This Mill Valley Home Remodel is a Labor of Love
A six-year project transforms a teardown into a forever home.
OVER THE COURSE of their 32-year marriage, Kathy and Miles Kilburn have set down roots in more than half a dozen cities and they spent a few years in Mill Valley in the ’90s. In 2012, after five years in Seattle, they decided to return to Marin.
As empty-nester house-hunters, though, they now had a wish list considerably different from when they lived in Marin before. “Last time our kids were babies, so priorities were distance to the store, nearby parks, and being in the good school district.”
When a hillside Tiburon house with killer views showed up on the MLS, in an area with a desirable microclimate, they contacted their realtor. “He said, ‘Oh you don’t want that one, it’s basically a teardown,’ ” Miles recalls. “We wanted to see it anyway.”
Immediately, they were enamored of the majestic views and how the lot seemed to be perpetually bathed in sunshine. “We were looking for something with enduring value, and willing to see past the flaws,” says Miles.
The Kilburns, seasoned remodelers, knew that with help from the right creative partner, the space could be outstanding. And as it happened, they’d already discovered the work of interior designer Caitlin Jones. “We toured a Kentfield house that she’d designed,” says Kathy. “We loved it, but we were looking for a project, and that one was move-in ready,” adds Miles.
So they bought the “teardown” and engaged Jones to work on what they knew would be a multiphase project. Phase one was a “Band- Aid” remodel. “We did just enough to make it livable,” Miles says: shoring up the foundation, replacing the old sewer lines and remediating dry rot. They also tasked Jones with a few cosmetic upgrades. Most of these were benign — refinishing the existing hardwoods, replacing old carpet, painting interior walls.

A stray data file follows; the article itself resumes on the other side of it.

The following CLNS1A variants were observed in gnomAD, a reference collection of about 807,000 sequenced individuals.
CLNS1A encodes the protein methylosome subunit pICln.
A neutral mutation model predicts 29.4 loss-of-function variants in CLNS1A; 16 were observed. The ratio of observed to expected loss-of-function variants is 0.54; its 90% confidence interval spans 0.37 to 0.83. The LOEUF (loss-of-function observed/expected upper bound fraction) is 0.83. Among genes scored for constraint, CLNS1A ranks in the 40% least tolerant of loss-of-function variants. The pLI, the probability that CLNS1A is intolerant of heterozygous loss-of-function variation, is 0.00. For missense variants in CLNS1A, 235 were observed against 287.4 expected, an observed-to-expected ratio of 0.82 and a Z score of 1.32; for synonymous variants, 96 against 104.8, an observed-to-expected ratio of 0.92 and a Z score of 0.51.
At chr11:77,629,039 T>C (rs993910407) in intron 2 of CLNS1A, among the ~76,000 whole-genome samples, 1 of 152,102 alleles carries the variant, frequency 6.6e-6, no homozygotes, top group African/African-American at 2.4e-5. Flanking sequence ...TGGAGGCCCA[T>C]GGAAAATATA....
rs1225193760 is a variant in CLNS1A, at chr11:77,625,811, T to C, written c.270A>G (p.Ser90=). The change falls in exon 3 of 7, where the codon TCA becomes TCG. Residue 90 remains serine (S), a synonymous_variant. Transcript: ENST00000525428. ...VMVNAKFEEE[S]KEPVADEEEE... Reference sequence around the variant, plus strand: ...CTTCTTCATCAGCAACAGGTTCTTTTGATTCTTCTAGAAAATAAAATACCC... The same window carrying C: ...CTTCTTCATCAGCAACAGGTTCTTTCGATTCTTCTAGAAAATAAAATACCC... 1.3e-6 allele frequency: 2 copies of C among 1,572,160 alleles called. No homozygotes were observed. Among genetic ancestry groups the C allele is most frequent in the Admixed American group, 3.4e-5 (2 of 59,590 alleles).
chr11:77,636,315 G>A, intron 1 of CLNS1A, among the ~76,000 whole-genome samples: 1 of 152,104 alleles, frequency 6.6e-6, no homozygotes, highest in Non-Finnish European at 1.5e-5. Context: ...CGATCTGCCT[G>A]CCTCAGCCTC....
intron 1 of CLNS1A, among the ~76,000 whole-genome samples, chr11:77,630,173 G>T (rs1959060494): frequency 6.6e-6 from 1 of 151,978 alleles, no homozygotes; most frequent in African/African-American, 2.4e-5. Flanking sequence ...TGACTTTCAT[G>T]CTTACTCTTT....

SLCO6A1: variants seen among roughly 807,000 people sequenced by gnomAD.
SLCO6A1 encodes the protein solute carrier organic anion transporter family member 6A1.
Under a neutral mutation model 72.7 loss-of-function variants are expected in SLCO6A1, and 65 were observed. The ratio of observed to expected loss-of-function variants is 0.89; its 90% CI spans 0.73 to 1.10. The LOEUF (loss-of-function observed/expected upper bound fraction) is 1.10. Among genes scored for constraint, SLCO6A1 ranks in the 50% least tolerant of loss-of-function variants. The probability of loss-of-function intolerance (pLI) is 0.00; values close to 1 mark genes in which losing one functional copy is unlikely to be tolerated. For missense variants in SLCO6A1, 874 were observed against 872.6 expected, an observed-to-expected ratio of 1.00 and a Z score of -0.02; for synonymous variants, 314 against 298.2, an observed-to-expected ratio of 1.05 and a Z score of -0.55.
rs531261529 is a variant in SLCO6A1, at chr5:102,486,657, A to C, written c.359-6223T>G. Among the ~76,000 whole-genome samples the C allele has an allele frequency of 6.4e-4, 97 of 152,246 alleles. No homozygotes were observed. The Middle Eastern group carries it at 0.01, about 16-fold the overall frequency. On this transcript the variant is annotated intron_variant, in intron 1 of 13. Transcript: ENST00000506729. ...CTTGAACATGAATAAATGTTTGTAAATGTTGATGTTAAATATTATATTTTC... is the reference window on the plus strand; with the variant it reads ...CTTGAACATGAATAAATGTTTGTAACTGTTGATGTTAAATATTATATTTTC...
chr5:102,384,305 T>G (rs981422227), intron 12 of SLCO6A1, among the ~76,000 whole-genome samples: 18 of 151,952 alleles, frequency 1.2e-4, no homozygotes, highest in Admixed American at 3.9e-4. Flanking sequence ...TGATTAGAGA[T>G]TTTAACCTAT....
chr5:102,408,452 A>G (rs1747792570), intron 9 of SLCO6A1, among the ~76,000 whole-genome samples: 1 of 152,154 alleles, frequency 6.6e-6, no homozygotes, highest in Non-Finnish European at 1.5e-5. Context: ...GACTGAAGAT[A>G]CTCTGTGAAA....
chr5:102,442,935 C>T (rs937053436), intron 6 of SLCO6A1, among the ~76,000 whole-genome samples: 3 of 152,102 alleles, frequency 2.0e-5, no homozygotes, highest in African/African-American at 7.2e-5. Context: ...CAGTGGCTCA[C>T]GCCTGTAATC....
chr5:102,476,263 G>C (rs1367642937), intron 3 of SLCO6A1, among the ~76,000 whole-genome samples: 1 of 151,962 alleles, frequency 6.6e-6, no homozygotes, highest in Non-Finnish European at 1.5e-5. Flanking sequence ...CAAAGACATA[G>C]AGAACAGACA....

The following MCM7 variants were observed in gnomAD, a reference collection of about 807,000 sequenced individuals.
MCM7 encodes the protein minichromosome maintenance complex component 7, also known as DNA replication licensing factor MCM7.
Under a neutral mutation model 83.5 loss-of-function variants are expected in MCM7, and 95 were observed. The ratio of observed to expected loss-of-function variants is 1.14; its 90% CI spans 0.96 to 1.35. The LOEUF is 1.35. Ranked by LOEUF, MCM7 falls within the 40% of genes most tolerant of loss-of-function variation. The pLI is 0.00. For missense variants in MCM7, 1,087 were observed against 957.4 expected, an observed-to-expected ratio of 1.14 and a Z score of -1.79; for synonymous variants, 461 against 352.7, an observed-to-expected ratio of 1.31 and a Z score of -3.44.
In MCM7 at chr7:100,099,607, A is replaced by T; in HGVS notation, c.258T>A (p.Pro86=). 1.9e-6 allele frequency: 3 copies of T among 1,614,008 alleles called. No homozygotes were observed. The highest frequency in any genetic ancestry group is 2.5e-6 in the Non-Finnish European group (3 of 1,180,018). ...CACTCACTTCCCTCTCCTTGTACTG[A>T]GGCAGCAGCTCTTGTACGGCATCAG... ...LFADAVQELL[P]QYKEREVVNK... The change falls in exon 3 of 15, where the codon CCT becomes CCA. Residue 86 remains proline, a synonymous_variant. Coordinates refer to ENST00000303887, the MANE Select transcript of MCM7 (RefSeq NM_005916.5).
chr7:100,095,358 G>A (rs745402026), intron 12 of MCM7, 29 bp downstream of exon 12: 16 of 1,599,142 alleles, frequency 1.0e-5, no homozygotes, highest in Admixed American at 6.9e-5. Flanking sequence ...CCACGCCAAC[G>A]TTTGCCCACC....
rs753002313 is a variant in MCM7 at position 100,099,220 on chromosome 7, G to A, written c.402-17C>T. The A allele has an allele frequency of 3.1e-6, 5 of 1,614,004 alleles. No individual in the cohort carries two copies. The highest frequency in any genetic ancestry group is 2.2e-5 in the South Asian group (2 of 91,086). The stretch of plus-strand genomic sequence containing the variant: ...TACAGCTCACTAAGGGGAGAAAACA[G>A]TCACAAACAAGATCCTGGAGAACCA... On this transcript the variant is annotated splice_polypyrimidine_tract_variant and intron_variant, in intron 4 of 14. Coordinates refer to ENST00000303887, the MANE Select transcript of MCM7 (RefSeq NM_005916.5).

The next step: sit tight and live. “We wanted to wait until we had a better sense of how we were using the space before taking on additional renovations,” Miles says. Then, in years two through six, the home was perpetually under construction. Redoing the kitchen was an early priority; other upgrades included a down-to-the studs makeover of three bathrooms, demolishing the wall between front entry and living room, and carving out a laundry area. Over time, nearly every window, door and fixture in the home got replaced.
As did every stitch of furniture. The living room is a homage to high-low design. Sophisticated yet straightforward Room and Board pieces — a dining table, sectional sofa and swivel chair — pair seamlessly with accent pieces such as a Jonathan Browning chandelier, a Meridiani cocktail table and A. Rudin chairs.
With just small interior details left to complete, the couple shifted focus to outside. For added curb appeal they ripped off a battered pergola over the garage, repainted the garage and replaced its doors. “We also widened the steps down from the garage to our existing front courtyard and added outdoor furniture and a gas fire pit,” Kathy says.
The six-year transformation was a labor of love that’s kept paying off long since the construction dust settled.
Photos courtesy of Alfred Yan.